For myself, the summer is prime writing time: with a week or two free of constant work-related demands, I can ease into the company of a new set of characters. The end of a workday can be productive in terms of revisions—as are weekends, especially the three- and four-day variety. But there’s nothing like an uninterrupted span of days to get the creative juices flowing. Characters come alive, start nattering in my head at night, and direct the plot in previously unimagined ways that spark new directions and possibilities.
Yet neither of those kind of vacations is the subject of this post. One often overlooked but invaluable tool in producing a finished book is to set a full draft aside for a couple of months, then go back to it with fresh eyes. Complicated explanations, twisty plot points, and characters who suddenly react in a way that is entirely out of character—all these flaws become visible after a writer creates enough space between the world inside her head and the response from a reader whose ability to understand inevitably depends on what actually gets onto the page.
By taking a break, the writer becomes that reader. I’m going through this process now with Song of the Sisters, the third novel in my Songs of Steppe & Forest series, and it’s a wonderfully rewarding experience. Unlike Songs 4, which exists in the ether and requires me to capture it with the author’s equivalent of a butterfly net, Songs 3 has a beginning, a middle, and an end; a protagonist and antagonist(s); a character arc. It’s been read by knowledgeable readers and critiqued from start to finish. I would have sworn it was done except for some last-minute vetting of the wording to avoid repetition and anachronisms.
But coming back to it, I can see that it’s not. I’m finding plot points that don’t connect to those around them, character reactions left over from previous versions, doubled letters or meetings or conversations where one would serve just as well. And that’s not counting the few problems that the fine folks in my writers’ group already picked up but I held off on entering until I had time to read the whole.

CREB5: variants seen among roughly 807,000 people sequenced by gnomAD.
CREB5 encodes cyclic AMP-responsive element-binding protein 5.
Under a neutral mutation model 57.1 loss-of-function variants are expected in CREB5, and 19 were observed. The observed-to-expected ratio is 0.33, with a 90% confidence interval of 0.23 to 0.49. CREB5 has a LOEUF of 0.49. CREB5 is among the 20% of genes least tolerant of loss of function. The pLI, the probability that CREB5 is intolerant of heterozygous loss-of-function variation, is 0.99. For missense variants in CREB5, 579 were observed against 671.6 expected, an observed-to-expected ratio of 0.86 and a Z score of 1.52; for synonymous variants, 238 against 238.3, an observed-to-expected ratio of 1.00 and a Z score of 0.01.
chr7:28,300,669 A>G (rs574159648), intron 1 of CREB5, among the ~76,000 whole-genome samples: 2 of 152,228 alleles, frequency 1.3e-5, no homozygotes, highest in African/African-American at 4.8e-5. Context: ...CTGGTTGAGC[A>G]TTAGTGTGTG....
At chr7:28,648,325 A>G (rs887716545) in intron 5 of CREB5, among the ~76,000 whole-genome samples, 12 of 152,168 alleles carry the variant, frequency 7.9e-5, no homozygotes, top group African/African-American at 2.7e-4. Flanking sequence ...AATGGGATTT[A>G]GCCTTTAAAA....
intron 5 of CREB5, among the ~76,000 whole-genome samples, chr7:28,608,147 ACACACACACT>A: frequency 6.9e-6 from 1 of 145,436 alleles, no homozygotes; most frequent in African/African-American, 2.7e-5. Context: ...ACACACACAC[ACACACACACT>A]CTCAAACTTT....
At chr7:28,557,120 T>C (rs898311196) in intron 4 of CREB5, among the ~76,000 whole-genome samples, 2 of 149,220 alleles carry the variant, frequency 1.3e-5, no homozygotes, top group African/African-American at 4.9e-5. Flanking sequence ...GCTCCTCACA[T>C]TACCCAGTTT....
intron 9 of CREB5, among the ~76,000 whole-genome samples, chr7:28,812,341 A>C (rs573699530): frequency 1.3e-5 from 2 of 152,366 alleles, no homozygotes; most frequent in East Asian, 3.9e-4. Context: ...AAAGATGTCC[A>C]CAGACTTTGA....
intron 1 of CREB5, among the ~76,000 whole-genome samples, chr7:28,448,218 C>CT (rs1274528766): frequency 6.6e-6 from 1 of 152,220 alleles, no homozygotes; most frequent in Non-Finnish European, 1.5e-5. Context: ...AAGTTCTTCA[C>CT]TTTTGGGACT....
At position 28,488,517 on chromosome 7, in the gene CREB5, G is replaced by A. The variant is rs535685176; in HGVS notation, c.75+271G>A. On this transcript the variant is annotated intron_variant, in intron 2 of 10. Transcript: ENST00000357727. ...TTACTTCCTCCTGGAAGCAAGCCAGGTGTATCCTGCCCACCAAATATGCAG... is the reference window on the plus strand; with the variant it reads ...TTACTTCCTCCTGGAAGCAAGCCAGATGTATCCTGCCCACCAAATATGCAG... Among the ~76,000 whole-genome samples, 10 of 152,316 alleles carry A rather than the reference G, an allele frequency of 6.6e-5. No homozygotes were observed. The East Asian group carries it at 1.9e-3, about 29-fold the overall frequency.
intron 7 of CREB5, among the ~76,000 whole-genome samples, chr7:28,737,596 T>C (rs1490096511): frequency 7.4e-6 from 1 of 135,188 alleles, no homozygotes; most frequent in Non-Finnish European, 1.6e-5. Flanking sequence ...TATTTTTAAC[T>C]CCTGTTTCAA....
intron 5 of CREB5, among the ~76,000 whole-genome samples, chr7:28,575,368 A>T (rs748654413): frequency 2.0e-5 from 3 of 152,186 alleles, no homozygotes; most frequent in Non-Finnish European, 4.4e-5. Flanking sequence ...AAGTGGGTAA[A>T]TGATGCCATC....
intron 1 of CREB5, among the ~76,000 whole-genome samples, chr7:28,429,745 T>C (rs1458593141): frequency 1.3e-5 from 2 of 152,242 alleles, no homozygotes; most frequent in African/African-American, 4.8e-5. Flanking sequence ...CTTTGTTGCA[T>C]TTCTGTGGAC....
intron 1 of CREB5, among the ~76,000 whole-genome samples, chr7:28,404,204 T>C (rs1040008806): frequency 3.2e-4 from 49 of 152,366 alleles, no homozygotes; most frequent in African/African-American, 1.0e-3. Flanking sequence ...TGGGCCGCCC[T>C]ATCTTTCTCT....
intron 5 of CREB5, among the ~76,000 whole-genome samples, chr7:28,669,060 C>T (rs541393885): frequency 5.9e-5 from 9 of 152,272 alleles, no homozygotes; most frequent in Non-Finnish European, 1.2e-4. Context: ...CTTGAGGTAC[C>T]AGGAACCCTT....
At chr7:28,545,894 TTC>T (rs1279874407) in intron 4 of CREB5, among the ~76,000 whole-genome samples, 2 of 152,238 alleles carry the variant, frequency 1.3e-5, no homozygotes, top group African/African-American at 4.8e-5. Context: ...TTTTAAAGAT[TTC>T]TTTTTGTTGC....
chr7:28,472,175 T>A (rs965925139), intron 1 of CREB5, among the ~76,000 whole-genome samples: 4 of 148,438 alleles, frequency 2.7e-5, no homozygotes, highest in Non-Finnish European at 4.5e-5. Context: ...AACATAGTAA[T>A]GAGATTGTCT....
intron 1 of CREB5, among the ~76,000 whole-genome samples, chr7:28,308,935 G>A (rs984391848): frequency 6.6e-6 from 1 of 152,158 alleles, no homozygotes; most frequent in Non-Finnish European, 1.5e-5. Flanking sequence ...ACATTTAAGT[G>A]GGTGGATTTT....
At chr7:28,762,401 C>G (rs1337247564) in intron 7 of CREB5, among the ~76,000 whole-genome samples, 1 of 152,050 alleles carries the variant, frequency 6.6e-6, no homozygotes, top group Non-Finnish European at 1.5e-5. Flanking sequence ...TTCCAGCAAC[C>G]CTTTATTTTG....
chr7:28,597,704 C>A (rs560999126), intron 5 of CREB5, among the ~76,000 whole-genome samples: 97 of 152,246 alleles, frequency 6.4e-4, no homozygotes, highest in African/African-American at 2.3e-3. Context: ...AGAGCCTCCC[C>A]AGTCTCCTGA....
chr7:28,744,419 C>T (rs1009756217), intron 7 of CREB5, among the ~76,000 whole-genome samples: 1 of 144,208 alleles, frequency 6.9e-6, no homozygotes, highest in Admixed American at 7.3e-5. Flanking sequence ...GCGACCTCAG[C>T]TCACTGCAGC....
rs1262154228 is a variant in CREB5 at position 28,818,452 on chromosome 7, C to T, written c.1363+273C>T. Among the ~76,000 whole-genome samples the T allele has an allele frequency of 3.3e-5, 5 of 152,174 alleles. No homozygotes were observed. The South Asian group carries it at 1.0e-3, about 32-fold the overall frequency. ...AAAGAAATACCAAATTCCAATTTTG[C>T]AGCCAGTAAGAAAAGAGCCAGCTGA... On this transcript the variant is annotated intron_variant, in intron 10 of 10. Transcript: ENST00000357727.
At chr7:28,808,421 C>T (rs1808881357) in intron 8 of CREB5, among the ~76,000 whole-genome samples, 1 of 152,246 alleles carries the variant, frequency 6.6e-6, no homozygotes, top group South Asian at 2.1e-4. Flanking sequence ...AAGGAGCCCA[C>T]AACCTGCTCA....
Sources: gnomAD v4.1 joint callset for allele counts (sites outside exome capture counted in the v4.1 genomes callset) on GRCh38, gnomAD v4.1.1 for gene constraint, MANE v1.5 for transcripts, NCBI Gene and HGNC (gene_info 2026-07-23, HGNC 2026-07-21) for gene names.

It’s a fun exercise and, I hope, will lead in the end to a better book. If you’re a writer who rushes to publish, I strongly recommend that you too take a break in the middle. After all, what’s the worst that can happen? If your novel was perfect to start with, it won’t become less perfect over time.
But few novels are perfect at the end of the rough draft—or even the fourth draft. For those that aren’t, a vacation or two can work wonders.
And because it’s July, and with the help of our wonderful Five Directions Press cover designer, Courtney J. Hall, we now have a final cover for Song of the Sisters that I not only love but that reflects a crucial incident in the story, here is my “Christmas in July” cover reveal. The book itself should be available in January 2021.
Well, unless I make good use of that Christmas vacation …
And if you need a book cover (romance preferred, whether historical, romantic suspense, contemporary, or other), you can find Courtney’s terms and portfolio at The Magenta Quill.
Images: cat on beach purchased on subscription from iClipart.com; butterfly public domain via Wikimedia Commons; cover design property of C. P. Lesley, Courtney J. Hall, and Five Directions Press.